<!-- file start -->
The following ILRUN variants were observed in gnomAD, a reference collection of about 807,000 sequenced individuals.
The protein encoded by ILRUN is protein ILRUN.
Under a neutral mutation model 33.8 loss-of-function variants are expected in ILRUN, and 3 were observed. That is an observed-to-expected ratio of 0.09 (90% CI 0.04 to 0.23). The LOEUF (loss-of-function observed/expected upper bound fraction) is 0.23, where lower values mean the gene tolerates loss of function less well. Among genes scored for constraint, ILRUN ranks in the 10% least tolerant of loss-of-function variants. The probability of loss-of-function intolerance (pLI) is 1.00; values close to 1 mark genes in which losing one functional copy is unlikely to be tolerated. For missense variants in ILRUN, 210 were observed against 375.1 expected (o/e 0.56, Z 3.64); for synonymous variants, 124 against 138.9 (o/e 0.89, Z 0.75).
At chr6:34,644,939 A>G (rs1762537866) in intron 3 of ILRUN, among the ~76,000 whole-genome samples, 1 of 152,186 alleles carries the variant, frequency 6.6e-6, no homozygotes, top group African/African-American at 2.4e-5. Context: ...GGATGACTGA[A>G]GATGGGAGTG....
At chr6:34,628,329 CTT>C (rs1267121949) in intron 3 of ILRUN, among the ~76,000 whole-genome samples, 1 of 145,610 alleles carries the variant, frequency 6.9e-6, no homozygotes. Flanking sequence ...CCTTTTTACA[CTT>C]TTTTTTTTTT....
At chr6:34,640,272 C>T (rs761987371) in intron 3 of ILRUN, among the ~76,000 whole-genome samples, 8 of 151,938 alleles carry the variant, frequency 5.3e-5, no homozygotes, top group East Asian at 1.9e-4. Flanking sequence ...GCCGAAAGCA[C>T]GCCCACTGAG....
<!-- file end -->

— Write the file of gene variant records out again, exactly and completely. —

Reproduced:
The following ILRUN variants were observed in gnomAD, a reference collection of about 807,000 sequenced individuals.
The protein encoded by ILRUN is protein ILRUN.
Under a neutral mutation model 33.8 loss-of-function variants are expected in ILRUN, and 3 were observed. That is an observed-to-expected ratio of 0.09 (90% CI 0.04 to 0.23). The LOEUF (loss-of-function observed/expected upper bound fraction) is 0.23, where lower values mean the gene tolerates loss of function less well. Among genes scored for constraint, ILRUN ranks in the 10% least tolerant of loss-of-function variants. The probability of loss-of-function intolerance (pLI) is 1.00; values close to 1 mark genes in which losing one functional copy is unlikely to be tolerated. For missense variants in ILRUN, 210 were observed against 375.1 expected (o/e 0.56, Z 3.64); for synonymous variants, 124 against 138.9 (o/e 0.89, Z 0.75).
At chr6:34,644,939 A>G (rs1762537866) in intron 3 of ILRUN, among the ~76,000 whole-genome samples, 1 of 152,186 alleles carries the variant, frequency 6.6e-6, no homozygotes, top group African/African-American at 2.4e-5. Context: ...GGATGACTGA[A>G]GATGGGAGTG....
At chr6:34,628,329 CTT>C (rs1267121949) in intron 3 of ILRUN, among the ~76,000 whole-genome samples, 1 of 145,610 alleles carries the variant, frequency 6.9e-6, no homozygotes. Flanking sequence ...CCTTTTTACA[CTT>C]TTTTTTTTTT....
At chr6:34,640,272 C>T (rs761987371) in intron 3 of ILRUN, among the ~76,000 whole-genome samples, 8 of 151,938 alleles carry the variant, frequency 5.3e-5, no homozygotes, top group East Asian at 1.9e-4. Flanking sequence ...GCCGAAAGCA[C>T]GCCCACTGAG....